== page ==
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3 Ways Parents Waste Valuable Learning Time for Their Kids
Many American children today fall further behind in their education each year due to cuts in school funding. With fewer factory jobs in the US, a good education has become critical to finding a well-paying job in today’s information and technology-oriented economy. Tomorrow’s economy will be even more competitive, and Americans will compete for jobs on a global scale. All parents want their child to achieve the American dream. However, schools alone do not determine whether children have what they need to succeed. Parents are in the driver’s seat when it comes to how their children spend their time outside the classroom. They can make a big difference in their child’s future by avoiding these common mistakes.
Allowing too much “screen time”
The average American child spends 28 hours each week watching television, which translates to 1,456 hours a year, and 24,752 hours by the time they turn 18 (assuming they start on their first birthday, which many do). 24,752 hours is approximately 2 years and 9 months of their childhood spent staring at the TV TV time is time NOT spent: reading, exercising, doing puzzles, drawing, playing with other children, doing schoolwork and other activities that they help the child learn and grow as a person. In the time most kids spend in front of the TV, they could have learned a second language or gotten a black belt in karate!
They do not ensure that their child reads on a daily basis
In New York City, approximately 75 percent of public high school students who enroll in community colleges are required to take remedial courses in math or English before starting college. At the very least, this means that students, or their parents, have to pay for additional courses on top of the normal tuition fees. According to National Education Association Today, the only way for children to become good readers is through practice. Even small amounts of reading each week add up over the years.
Many parents believe that art and music are “art” and don’t realize that art can have a big impact on other areas of learning. In a UCLA study of Chicago-area schools, elementary students who attended schools where the arts were integrated into the classroom curriculum outperformed their peers in math who were not in the program. More than 60 percent of these students, who are involved in the Chicago Arts Partnership in Education, scored at or above the math portion of the Iowa Test of Basic Skills compared to 40 percent of their peers (who may fall further behind each year). Any artistic activity, from painting to visiting local art museums to taking music lessons, can have lasting benefits for mind development.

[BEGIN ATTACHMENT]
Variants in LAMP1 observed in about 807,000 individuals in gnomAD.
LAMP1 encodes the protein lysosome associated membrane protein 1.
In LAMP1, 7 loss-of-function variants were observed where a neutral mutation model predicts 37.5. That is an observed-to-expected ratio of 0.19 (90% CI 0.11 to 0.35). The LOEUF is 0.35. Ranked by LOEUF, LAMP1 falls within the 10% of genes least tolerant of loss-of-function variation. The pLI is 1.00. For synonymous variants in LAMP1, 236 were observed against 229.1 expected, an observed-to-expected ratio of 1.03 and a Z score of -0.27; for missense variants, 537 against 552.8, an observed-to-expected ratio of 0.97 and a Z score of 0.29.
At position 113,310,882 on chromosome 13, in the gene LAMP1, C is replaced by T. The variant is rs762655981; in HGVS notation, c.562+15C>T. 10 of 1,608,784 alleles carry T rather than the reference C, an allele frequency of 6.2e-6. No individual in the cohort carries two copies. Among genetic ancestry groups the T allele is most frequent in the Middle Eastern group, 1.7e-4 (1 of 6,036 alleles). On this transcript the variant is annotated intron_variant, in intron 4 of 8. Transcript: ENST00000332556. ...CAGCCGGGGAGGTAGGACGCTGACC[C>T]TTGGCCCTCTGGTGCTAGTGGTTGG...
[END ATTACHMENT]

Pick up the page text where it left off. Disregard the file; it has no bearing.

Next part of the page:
So how can parents provide better learning opportunities outside the classroom?
Here are some suggestions that cost little or nothing in time or money:
Limit or eliminate TV Most parents won’t get rid of TV entirely, but setting clear limits on viewing time—such as no TV on school nights—will force kids to find other activities to entertain themselves (or finish their homework). Some parents worry that their children will complain that they are bored as soon as they turn off the TV, but boredom is often needed as a motivator to get a child to have fun in a productive way – by finding a new hobby, playing a board game. with their siblings or playing sports.
Go to the library at least once a month. Almost every American household has access to a public library nearby, and many have an interlibrary loan system to provide access to books that their library does not have. Many have children’s librarians who can recommend good books and help them get on the shelves. Parents pay tax on these services, so why not use them?
Get your child started on an art project. It can be as simple as placing crayons and paper on the kitchen table and encouraging them to draw, asking them to make a homemade birthday card or decorating cookies with colored frosting and candies. There are project books for kids at your local library and plenty of free websites that give parents and kids activity ideas. Even just looking at different types of painting exposes the child to different art and broadens his horizons.
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